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Boulder 4×4’s Get Fitter and Stronger for Climbing

So I’ve got a confession to make… a dirty secret that I can’t keep any longer! I know this may shock a lot of people, but…

I don’t really climb, I boulder…

There, I said it! Even though the site is called Climbing meta, I’m all about the bouldering. I’m sorry, please forgive me.

Actually, those that know me won’t be surprised at all, but I am working on fixing this bias with the help of some power endurance training, in the form of boulder 4×4’s.

In fact, even though I’m calling them boulder 4×4’s here, you can just as easily implement these as route climbing 4×4’s (it might be a little harder to use the interval timer I’ve made for this routine though).

Why I focus on bouldering for climbing training

If you are a route climber I hope you hang around because I’ve still got a bunch of climbing specific training that will help any climber with their sport.  Actually, I’m hoping to do more route climbing in the future, so should have a lot more of this content coming soon.

The main reason I focus on bouldering in our Climbing meta routines is because they are easier to implement from a training perspective. Most people can get to a boulder wall pretty readily and you don’t need anyone else to belay for you to carry out the exercise.

Boulder 4×4’s are actually extremely useful for both route climbing and bouldering as they help to develop your power endurance. The net result of this training means you will increase your overall climbing fitness, be better able to climb through a pump and send longer routes or boulder problems (particularly on those long weekend trips or climbing competitions).

boulder 4x4 intervals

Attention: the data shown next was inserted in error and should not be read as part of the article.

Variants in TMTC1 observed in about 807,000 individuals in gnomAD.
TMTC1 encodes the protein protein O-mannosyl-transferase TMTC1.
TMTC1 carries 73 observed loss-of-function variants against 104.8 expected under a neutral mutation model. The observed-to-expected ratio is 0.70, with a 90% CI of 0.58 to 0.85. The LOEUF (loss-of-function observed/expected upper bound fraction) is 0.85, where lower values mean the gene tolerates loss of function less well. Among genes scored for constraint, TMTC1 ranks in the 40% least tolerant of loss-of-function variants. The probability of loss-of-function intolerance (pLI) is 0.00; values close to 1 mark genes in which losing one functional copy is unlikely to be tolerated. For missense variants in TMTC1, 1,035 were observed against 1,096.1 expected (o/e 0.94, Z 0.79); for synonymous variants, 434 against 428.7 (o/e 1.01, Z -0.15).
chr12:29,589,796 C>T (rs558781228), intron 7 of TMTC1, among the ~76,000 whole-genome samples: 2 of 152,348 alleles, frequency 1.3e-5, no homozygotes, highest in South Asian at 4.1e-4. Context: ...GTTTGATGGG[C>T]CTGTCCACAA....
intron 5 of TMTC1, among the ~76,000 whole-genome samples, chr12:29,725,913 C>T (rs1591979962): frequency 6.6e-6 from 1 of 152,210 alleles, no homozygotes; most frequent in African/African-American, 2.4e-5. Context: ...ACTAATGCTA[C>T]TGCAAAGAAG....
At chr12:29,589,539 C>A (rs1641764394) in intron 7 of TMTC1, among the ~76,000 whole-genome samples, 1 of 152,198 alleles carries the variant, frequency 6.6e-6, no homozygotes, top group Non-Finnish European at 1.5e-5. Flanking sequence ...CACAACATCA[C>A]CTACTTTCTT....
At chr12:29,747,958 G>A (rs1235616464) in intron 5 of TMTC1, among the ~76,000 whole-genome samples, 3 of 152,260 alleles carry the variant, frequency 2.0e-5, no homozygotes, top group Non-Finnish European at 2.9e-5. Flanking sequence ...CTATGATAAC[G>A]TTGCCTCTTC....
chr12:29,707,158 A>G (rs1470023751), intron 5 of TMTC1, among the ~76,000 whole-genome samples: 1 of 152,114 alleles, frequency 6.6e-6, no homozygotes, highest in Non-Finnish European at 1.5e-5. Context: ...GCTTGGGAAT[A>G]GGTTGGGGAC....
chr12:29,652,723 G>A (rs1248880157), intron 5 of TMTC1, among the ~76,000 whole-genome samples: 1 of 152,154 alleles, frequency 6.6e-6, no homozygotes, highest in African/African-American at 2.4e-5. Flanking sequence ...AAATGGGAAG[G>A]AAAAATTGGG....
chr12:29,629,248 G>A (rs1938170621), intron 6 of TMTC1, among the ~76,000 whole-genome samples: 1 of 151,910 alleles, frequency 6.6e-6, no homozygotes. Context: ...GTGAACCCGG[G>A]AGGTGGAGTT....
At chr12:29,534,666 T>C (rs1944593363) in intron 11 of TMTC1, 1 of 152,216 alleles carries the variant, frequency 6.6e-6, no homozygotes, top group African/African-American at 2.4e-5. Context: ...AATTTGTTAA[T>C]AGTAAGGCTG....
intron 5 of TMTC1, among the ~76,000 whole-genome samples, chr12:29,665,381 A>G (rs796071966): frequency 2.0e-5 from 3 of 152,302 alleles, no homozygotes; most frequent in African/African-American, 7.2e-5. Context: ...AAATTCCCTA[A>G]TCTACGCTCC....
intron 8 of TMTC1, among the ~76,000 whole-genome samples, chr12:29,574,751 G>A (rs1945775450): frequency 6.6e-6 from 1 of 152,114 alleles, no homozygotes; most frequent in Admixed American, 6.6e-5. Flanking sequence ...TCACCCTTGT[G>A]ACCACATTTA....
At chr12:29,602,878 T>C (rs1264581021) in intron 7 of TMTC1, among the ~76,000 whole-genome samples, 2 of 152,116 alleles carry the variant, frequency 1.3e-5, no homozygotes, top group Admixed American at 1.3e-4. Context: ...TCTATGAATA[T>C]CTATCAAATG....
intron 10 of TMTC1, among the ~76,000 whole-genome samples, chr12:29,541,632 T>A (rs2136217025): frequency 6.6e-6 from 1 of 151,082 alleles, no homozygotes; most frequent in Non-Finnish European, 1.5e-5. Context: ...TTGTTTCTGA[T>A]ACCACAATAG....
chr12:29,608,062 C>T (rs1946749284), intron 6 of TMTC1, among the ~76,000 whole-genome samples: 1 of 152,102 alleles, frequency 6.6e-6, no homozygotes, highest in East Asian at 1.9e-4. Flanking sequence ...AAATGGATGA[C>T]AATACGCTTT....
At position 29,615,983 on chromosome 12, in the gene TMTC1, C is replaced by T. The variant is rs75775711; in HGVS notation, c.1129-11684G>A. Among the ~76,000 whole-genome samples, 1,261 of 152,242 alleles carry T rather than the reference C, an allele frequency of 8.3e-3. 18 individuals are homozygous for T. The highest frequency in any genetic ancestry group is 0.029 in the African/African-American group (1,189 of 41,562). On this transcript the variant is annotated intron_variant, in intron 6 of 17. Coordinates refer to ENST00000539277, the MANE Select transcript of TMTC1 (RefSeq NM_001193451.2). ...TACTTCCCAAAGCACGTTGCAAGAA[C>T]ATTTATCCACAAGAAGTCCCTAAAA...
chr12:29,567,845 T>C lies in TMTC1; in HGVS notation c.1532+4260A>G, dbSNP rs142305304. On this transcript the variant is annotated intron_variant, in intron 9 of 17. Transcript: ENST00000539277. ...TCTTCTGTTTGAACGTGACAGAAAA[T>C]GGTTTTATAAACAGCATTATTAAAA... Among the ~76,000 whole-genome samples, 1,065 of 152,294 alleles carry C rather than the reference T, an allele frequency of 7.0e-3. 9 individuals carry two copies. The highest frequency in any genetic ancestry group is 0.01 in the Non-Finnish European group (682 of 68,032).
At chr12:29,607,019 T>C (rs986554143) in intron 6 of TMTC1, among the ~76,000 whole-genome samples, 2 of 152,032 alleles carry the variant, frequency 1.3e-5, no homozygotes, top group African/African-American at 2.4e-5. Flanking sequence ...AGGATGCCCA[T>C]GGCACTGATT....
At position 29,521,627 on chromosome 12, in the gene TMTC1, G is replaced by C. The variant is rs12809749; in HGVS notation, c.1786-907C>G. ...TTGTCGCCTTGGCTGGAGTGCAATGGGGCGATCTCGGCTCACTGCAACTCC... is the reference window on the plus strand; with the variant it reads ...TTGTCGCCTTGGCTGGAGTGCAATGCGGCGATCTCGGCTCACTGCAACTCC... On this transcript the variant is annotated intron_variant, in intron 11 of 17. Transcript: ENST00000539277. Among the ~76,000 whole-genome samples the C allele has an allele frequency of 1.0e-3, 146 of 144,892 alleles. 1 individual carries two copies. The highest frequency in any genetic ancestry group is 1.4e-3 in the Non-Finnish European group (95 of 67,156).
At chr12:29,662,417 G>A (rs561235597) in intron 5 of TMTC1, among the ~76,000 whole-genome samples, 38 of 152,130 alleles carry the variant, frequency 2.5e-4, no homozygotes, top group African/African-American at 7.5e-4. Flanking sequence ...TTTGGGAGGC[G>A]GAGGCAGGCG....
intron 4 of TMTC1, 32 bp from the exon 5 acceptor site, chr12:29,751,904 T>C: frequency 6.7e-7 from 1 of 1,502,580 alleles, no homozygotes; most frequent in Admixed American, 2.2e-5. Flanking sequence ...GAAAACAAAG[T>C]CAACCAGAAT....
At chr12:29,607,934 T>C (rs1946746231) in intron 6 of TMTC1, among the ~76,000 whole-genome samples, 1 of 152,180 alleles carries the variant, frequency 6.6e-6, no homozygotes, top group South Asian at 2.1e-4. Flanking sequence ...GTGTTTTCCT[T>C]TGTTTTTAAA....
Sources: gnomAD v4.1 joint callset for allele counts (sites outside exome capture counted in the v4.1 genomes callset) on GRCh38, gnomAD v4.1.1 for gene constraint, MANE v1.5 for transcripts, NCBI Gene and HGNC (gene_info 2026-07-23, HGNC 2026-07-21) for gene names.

How to do boulder 4×4’s

There are a few variations to 4×4’s depending on who you talk to and what you read. I like this variation below for 2 reasons:

  • The timer simulates the qualifying round of a boulder competition with intervals of 5 minutes on and 5 minutes off.
  • Repeating the same problem 4 times in a row provides you with a chance to train climbing efficiency at the same time.

To kick things off, get yourself nice and warm and choose 4 boulder problems that you could flash when fresh (start at least 4 grades below your max boulder level).   

  1. Start the 4×4 timer (which you can access at the end of this post) and jump on the first of your 4 boulder problems.
  2. Attempt the problem 4 times. Climb smart and try to spread your attempts over the 5 minutes, but make sure you finish attempt 4 before 5 minutes is up. If you fall at any point, immediately get back on the problem at the point you fell and try to finish it. If you fall again, count that as an attempt.
  3. For each attempt, try to find ways to climb as efficiently and precisely as possible. See if you can refine your technique for each attempt and remain conscious of your movement.
  4. When the timer goes, rest for the full 5 minutes, take a drink of water and prepare yourself for the next problem.

REPEAT this process for all 4 problems, the full session should last 40 minutes (plus warm up).

Extra tips for boulder 4×4’s

If you get the chance, it is a really good idea to film yourself doing the 4×4’s. This will help you identify inefficiencies in your climbing, particularly as you fatigue through the session.

If you can’t complete each problem successfully at least 3 out of 4 times, then you should drop the difficulty of the problems. Once you are hitting all 4 problems successfully, move on to 4 new problems around the same difficulty (or change the ones you are succeeding on with new problems).

You might even like to train a specific area with each problem, like a particular grip type, dynamic movement, lock-offs, spans etc.

To progress this exercise, you can do one of two things:

  1. Increase the difficulty of the problems, so they are closer to your max (this will train more power).
  2. Decrease the rest period to 4 minutes, while keeping the difficulty around the same mark (this will help train more endurance).

I like to use easier boulder 4×4’s early in my climbing training program to build some endurance and sometimes use harder boulder 4×4’s later in a program if I’m training for a competition to simulate those conditions. Either way, boulder 4×4’s are a great way to increase your climbing fitness.

Use these in a 4-week block and assess the results for yourself.

Train hard and climb smart!

1 Comment

  1. […] increases blood flow and releases muscle tightness that can interfere with efficient climbing movement. So I recommend you target both upper and lower body, you’d be surprised how tight your hips, […]

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